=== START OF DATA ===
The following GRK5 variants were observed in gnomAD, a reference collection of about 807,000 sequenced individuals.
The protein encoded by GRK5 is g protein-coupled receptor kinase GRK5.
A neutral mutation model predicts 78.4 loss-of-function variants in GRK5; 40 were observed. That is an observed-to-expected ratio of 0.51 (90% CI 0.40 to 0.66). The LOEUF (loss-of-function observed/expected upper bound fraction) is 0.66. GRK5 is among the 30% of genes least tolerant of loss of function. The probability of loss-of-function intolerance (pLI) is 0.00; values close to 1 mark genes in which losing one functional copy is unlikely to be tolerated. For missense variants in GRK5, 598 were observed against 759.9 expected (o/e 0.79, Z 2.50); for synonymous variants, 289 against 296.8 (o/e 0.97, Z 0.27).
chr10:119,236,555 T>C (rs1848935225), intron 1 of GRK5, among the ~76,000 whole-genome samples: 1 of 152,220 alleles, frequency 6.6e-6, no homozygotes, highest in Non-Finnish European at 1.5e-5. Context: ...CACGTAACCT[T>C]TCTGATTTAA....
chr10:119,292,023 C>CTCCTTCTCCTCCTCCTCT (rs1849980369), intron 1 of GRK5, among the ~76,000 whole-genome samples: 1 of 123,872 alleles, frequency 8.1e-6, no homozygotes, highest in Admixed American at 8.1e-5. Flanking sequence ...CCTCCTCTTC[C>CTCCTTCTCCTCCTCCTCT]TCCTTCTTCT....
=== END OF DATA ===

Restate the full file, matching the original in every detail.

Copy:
The following GRK5 variants were observed in gnomAD, a reference collection of about 807,000 sequenced individuals.
The protein encoded by GRK5 is g protein-coupled receptor kinase GRK5.
A neutral mutation model predicts 78.4 loss-of-function variants in GRK5; 40 were observed. That is an observed-to-expected ratio of 0.51 (90% CI 0.40 to 0.66). The LOEUF (loss-of-function observed/expected upper bound fraction) is 0.66. GRK5 is among the 30% of genes least tolerant of loss of function. The probability of loss-of-function intolerance (pLI) is 0.00; values close to 1 mark genes in which losing one functional copy is unlikely to be tolerated. For missense variants in GRK5, 598 were observed against 759.9 expected (o/e 0.79, Z 2.50); for synonymous variants, 289 against 296.8 (o/e 0.97, Z 0.27).
chr10:119,236,555 T>C (rs1848935225), intron 1 of GRK5, among the ~76,000 whole-genome samples: 1 of 152,220 alleles, frequency 6.6e-6, no homozygotes, highest in Non-Finnish European at 1.5e-5. Context: ...CACGTAACCT[T>C]TCTGATTTAA....
chr10:119,292,023 C>CTCCTTCTCCTCCTCCTCT (rs1849980369), intron 1 of GRK5, among the ~76,000 whole-genome samples: 1 of 123,872 alleles, frequency 8.1e-6, no homozygotes, highest in Admixed American at 8.1e-5. Flanking sequence ...CCTCCTCTTC[C>CTCCTTCTCCTCCTCCTCT]TCCTTCTTCT....